November 28, 2005

November 28, 2005 | Commentary on

Putting the Squeeze on Big Oil

Who can resist good theater? Certainly not American lawmakers.

All the pieces were in place on Nov. 9, as the Senate held hearings about the soaring price of energy. The CEOs of the five largest oil companies were the guest stars, called in to endure lectures from a host of lawmakers.

Sen. Daniel Inouye, D-Hawaii, noted, "In the midst of pain, in the midst of suffering, the public sees headlines about record profits." His colleague, Sen. Barbara Boxer, D-Calif., added, "Working people struggle with high gas prices, and your sacrifices appear to be nothing."

Fair enough so far. But now I'm going to do something these grandstanding lawmakers won't do: Provide full disclosure. As many members of Congress do, The Heritage Foundation accepts donations from oil companies. It's not much; last year these donations equaled less than 0.3 percent of our annual budget.

But even if we didn't get a dime from "Big Oil," we'd still fight for the free market, which is critical to our goal of "building an America where freedom, opportunity, prosperity and civil society flourish."

Lawmakers, on the other hand, aren't likely to disclose that many of the policies making energy so expensive are the direct result of congressional action. In fact, shortly after they finished taking the CEOs to task, lawmakers went out and made our energy situation even worse.

Before the House of Representatives passed the federal budget, lawmakers stripped out a provision that would have allowed companies to drill for oil in the Arctic National Wildlife Refuge. Such exploration would disturb a miniscule segment of the ANWR (drilling would be limited to a tiny area, roughly equivalent to the size of a postage stamp on a football field) and could generate as many as 16 billion barrels of oil, enough to replace about 30 years worth of oil imports from Saudi Arabia.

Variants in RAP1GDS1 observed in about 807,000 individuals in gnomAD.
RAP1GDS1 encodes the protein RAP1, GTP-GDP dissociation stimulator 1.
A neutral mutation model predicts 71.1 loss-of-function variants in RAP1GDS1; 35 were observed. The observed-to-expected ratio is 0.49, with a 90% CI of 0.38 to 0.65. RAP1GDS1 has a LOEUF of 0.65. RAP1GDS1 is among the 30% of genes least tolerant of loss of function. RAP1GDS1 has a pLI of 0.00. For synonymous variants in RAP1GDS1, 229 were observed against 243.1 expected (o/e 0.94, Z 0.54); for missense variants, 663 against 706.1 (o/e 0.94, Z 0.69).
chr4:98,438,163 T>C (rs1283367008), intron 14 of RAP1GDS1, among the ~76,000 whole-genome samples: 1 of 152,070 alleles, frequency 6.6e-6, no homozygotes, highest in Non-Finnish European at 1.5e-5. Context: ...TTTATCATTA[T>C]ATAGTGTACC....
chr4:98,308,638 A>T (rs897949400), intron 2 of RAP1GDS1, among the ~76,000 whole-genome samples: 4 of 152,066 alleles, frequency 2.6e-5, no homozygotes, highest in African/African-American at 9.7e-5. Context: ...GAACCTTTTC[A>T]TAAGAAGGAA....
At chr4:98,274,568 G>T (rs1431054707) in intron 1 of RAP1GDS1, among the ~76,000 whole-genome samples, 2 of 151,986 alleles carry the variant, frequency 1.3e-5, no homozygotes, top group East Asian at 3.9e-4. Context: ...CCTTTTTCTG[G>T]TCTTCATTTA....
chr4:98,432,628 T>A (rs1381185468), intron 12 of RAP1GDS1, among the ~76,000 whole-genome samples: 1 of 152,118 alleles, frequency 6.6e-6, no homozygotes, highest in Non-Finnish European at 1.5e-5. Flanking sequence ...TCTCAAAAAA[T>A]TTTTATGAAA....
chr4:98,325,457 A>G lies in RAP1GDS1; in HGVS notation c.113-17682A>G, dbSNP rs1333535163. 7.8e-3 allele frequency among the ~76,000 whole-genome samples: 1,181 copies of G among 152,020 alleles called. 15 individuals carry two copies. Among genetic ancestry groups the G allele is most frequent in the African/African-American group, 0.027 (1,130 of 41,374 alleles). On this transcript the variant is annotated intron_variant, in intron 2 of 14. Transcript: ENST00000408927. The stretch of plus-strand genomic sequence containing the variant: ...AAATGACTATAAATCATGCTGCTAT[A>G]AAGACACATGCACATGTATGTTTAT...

In addition, partly because of opposition by lawmakers from Florida and California, Congress bans oil and natural gas exploration in the eastern Gulf of Mexico and in the outer continental shelf. If lawmakers were serious about bringing down oil prices, they would open these untapped domestic resources. That would ease our dependence on imports and boost energy supplies.

They also should take steps to lower the price of natural gas by increasing its supply. Federal law restricts access to resources in the Rocky Mountains and elsewhere. According to a report sent to Congress and the administration by the Industrial Energy Consumers of America, a Washington-based advocacy group, this federal limit drove the price of natural gas 83 percent higher than it could have been durĀ­ing the energy crisis Americans endured between June 2000 and November 2003. Those higher prices cost consumers more than $111 billion.

Instead of taking these reasonable steps that would lower prices for everyone, lawmakers are trying to increase heating oil subsidies for the poor. A pair of bills that would have added billions of dollars to the federal Low-Income Home Energy Assistance Program recently garnered majorities in the Senate, even though both were denied on procedural grounds.

No doubt versions of those bills will return. As Republican Sen. Judd Gregg of New Hampshire said, "I cannot sit back in good conscience while those in our society struggling to heat their homes are being left in the cold by oil companies." And it's always easier to spend federal money than to decrease cumbersome federal regulations.

"To my constituents, today's hearing is about shared sacrifices in tough times versus oil company greed," Sen. Boxer told the oil executives on Nov. 9. But the hearings ought to be about why lawmakers won't allow companies to drill more wells in the United States and won't ease regulations to allow more refineries, measures that would allow the free market to regulate the supply of oil based on the demand.

Don't hold your breath waiting for lawmakers to admit that hurting oil companies won't help consumers but that changing federal laws might. They'd rather spend their time holding hearings that are little more than hot air.


Ed Feulner is president of The Heritage Foundation (heritage.org), a Washington-based public policy research institute.

About the Author

Edwin J. Feulner, Ph.D. Founder, Chairman of the Asian Studies Center, and Chung Ju-yung Fellow
Founder's Office